Efsa: no evidence Ebola could be transmitted through food in EU

Outbreaks of Zaire Ebola virus disease have been reported in nine countries so far – Democratic Republic of Congo, Republic of Congo, Gabon, Guinea, Liberia, Mali, Nigeria, Sierra Leone and Senegal. All these countries can export fruits and vegetables into the EU, with the exception of potatoes.

There is no evidence the Ebola virus can be transmitted through food in the European Union, according to a report by EFSA scientists published this week.

They assessed the risk of Ebola being transmitted via consumption of raw foods such as fruit and vegetables that have been legally imported into the EU from Africa.

Not only have there been no reported human cases of Ebola infection from the consumption of these foods, neither have any of the following been reported, which the Efsa experts say would be necessary for the virus to be transmitted though food:

  • the exported food would have to be contaminated at the point of origin;
  • it would need to contain a viable virus (“capable of surviving”) on arrival in the EU;
  • the person would have to be infected following foodborne exposure.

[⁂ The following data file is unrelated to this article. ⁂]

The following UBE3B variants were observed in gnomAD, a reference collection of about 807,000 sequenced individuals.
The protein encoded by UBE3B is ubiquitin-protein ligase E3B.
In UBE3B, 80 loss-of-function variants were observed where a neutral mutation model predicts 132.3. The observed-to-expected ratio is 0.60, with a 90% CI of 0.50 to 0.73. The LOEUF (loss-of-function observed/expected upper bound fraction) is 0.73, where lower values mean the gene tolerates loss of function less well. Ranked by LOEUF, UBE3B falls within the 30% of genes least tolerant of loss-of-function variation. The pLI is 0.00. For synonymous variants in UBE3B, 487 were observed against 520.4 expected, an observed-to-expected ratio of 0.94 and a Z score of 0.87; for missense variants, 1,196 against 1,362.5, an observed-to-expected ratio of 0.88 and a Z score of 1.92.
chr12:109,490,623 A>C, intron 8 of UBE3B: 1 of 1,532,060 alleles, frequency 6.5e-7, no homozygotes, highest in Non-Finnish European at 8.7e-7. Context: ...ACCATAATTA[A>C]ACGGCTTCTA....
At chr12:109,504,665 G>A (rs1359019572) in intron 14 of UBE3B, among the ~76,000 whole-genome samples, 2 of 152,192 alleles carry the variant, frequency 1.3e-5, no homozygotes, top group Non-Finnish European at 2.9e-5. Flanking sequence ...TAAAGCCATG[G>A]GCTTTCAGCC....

However, the scientists identified some knowledge and data gaps – for example for how long the virus could survive in food.

Outbreaks of Zaire Ebola virus disease have been reported in nine countries so far – Democratic Republic of Congo, Republic of Congo, Gabon, Guinea, Liberia, Mali, Nigeria, Sierra Leone and Senegal. All these countries can export fruits and vegetables into the EU, with the exception of potatoes. 

Read: An update on the risk of transmission of Ebola virus (EBOV) via the food chain – Part 2

Image: NIAID (Ebola Virus Particles) via Wikimedia Commons

Posted on

Recent impact of Russian ban on prices for certain EU produce

European Commission presentation on the impact of the Russian import ban on prices for certain fruits and vegetables.

There’s been an upward trend for mushroom prices and stable prices for pears, carrots, kiwis, and oranges and lemons in the EU, according to the European Commission.

But the price situation for tomatoes and peppers has been mixed and there’s been a downward trend for apples.